Vegetation protection

We value our native vegetation for the important role it plays across our landscape.

In Logan, we control vegetation clearing using the Biodiversity Areas Overlay Code of the Logan Planning Scheme 2015.

The purpose of the code is to protect and enhance environmental values, including wildlife habitat and movement, biodiversity corridors and native vegetation. This includes restricting vegetation clearing in protected areas.

Protected vegetation

Protected vegetation is classified in two ways:

  • primary vegetation – this protects all native vegetation (shown as light pink on the Vegetation management areas map)
  • secondary vegetation – this protects native trees that are greater than 4m tall or with a trunk circumference of 31.5cm or greater, measured at 1.3m from the ground (shown in light green on the Vegetation management areas map).

You can find out if there is protected vegetation on your property through the Logan PD Hub:

  • search for your property
  • click on the interactive mapping tool
  • on the map list to the left of the map, expand and turn on Overlays (Part 8)
  • click on 02 Biodiversity Areas Overlay to expand this group.
  • click on OM-02 Vegetation Management Areas.

Vegetation Clearing

Queensland legislation states that:

  • clearing of vegetation means to remove, cut down, ring-bark, push over, poison or destroy vegetation in any way (this includes burning, flooding or draining). It does not include lopping a tree or damage by stock
  • lopping a tree means cutting or pruning its branches, but does not include removing its trunk and cutting or pruning its branches so severely that it is likely to die.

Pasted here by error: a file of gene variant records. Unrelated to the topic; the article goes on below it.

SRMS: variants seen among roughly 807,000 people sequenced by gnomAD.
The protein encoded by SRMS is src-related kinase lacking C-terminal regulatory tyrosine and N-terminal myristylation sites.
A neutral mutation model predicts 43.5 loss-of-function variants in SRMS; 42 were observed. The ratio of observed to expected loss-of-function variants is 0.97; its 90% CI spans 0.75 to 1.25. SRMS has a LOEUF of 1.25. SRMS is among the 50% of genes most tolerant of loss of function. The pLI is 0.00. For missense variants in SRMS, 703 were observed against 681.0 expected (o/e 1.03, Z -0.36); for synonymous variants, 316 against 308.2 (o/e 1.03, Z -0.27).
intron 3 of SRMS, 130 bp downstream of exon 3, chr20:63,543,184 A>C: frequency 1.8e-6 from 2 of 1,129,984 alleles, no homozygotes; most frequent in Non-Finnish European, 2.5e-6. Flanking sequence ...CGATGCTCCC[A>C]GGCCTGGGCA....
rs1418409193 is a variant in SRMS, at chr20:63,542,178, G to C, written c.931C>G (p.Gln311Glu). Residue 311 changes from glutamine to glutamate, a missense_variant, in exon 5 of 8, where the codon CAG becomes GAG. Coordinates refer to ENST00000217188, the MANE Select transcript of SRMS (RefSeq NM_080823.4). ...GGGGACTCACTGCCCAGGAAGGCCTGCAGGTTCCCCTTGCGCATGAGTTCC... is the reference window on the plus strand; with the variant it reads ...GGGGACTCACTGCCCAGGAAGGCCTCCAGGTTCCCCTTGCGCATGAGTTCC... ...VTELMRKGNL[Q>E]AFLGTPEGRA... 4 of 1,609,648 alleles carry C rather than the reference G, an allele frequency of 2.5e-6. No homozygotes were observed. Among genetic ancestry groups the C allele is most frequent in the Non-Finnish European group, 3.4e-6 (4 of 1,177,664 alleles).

Exemptions to clearing vegetation

If you want to clear protected vegetation, you may need to get approval (an operational works – vegetation clearing approval).

You do not need to get approval for clearing vegetation if the vegetation complies with the exemptions outlined in the Logan Planning Scheme 2015 (Tables of assessment for the biodiversity areas overlay).

For a summary of vegetation clearing exemptions, please download Vegetation management factsheet (PDF 250 KB) or contact our team.

Lodging an application for vegetation clearing

To lodge an application to clear protected vegetation, please see Development applications, forms and lodgement.

The application must:

  • include the consent of the property owner or be lodged by the property owner
  • state the reasons for the proposed clearing
  • include a site plan with boundaries, buildings, driveways, easements, etc. and information about existing vegetation including
    • which trees will be cleared and which will remain
    • tree species and size (height, circumference 1.3m above ground, canopy spread)
    • any trees with nests, hollows or other nesting or roosting values
  • show any proposed revegetation or rehabilitation on the site.

For more information about clearing vegetation or applications to clear vegetation, please contact our team.

Environmental offsets

State Government Koala Protection Amendments

On 7 February 2020 the Queensland Government introduced the Nature Conservation and Other Legislation (Koala Protection) Amendment Regulation 2020.

You can view a copy of the Act on the Queensland Government website.

This major change in legislation will affect how the Planning Regulation 2017 manages and reduces the impact of development on koalas and their habitat.

It changes the process of how proposed vegetation clearing involving koala habitat is mapped and assessed.

Due to these changes, you should not rely soley on the offset estimate report.

If your development requires clearing of vegetation, please call us on 07 3412 3412 or email us at Council@logan.qld.gov.au for advice.

For more information about this reform, please visit the Queensland Department of Environment and Science website.

Environmental offsets

An environmental offset is where we ask a property owner for compensation for the environmental impacts of their development. This compensation may be for trees to be planted in place of trees that are removed, or a financial contribution to help revegetate other land.

An environmental offsets policy is included in the Logan Planning Scheme 2015 (Policy 3 – Environmental management). The policy identifies three types of environmental offsets: